Supreme Court Ruling Leads Peoria To Update Sign Code
A Supreme Court ruling against the town of Gilbert prompts the city of Peoria to look at its rules. In 2015, the court sided with a church that claimed Gilbert treated its temporary signs differently than other temporary signs. That led planners in Peoria to start revising a sign code that’s been in place for nearly 30 years.
Peoria Planning Director Chris Jacques says the real-estate industry in particular is paying close attention.
“They want to make sure they can have a certain number of signs, and that we’re not restricting them too much towards locating an open house or a housing development, but on the other side, the balance for us is to ensure that on the whole we don’t have just signs all over the place and create this littered landscape,” Jacques said.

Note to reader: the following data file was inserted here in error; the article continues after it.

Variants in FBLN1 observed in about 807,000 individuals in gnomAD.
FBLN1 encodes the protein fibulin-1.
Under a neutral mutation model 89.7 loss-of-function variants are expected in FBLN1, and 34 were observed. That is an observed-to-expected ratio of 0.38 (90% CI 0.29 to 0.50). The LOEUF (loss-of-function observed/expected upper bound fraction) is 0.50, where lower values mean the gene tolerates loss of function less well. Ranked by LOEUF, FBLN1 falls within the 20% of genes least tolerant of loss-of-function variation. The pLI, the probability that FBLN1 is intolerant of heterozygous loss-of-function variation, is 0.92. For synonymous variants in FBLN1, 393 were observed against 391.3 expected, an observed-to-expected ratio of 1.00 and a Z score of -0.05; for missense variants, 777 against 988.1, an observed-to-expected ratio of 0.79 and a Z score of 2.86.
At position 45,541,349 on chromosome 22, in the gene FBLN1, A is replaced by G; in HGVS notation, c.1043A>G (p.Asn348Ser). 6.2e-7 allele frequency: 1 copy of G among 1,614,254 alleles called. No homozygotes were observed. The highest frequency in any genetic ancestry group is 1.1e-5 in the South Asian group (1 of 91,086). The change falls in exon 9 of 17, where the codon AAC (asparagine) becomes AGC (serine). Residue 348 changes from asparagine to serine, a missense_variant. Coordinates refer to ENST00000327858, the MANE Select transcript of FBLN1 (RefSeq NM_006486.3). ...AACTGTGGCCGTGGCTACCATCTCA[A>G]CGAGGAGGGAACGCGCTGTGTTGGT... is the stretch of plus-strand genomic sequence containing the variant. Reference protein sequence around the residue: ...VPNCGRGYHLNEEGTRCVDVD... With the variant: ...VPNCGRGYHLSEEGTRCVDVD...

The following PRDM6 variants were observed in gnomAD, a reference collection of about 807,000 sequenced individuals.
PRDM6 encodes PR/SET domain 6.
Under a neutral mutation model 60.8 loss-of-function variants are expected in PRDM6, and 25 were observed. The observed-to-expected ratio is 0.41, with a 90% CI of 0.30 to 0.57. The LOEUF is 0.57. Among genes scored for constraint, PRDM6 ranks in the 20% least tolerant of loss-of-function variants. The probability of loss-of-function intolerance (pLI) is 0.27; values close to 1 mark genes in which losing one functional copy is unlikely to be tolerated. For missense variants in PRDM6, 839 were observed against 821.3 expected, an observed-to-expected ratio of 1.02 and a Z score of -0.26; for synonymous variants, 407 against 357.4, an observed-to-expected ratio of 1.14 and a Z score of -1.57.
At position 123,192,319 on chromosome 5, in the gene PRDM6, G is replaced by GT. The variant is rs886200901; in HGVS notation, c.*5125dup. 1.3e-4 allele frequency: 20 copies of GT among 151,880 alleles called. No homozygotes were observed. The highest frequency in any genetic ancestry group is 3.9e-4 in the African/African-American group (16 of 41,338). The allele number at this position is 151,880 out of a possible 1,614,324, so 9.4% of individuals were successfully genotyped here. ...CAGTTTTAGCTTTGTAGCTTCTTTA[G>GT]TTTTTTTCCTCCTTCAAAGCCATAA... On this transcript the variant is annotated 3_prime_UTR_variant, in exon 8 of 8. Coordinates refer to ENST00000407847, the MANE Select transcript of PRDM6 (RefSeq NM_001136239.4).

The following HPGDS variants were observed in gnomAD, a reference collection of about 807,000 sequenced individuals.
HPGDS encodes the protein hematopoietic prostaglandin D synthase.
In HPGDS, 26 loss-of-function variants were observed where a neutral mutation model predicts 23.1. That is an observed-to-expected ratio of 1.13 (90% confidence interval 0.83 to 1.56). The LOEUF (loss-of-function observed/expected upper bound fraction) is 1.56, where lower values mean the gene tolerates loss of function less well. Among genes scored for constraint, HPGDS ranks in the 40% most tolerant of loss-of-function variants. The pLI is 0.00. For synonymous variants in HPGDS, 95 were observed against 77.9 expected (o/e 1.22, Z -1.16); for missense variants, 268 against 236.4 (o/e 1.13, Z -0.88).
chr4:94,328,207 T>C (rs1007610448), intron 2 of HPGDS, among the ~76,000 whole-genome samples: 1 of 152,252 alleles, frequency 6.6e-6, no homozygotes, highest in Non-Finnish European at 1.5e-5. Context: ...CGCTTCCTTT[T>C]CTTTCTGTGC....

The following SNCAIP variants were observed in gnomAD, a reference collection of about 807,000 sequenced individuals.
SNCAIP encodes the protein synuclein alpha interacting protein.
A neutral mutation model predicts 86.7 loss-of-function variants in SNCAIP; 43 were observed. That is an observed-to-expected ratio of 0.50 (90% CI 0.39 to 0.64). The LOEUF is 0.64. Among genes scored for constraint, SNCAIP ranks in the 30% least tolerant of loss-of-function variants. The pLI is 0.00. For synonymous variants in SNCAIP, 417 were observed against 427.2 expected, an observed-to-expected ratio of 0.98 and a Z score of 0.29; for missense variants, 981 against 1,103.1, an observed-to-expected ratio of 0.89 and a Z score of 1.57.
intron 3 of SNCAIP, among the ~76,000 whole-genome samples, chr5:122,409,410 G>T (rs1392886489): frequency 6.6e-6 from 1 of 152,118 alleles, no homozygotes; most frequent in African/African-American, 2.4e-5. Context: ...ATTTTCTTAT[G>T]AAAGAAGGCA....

The Supreme Court ruling against Gilbert means that sign enforcement must be based on things like safety, size and aesthetics, and not the content. Jacques said temporary signs will have different rules depending on whether they’re located in commercial or residential areas because there are different interests to the public.
“So, we want citizens to be able to, you know, whether they want to have a yard sale or whether they want to just have a sign out there that just says ‘save the whales,’ we have to make sure we have those accommodations,” he said. “I certainly don’t want to have a code where for a simple yard sale. We don’t want to require people to have permits or go through some big process.”
Jacques said a revised draft will be shared with real-estate agents along with other stakeholders before the City Council will be asked to approve it probably by May.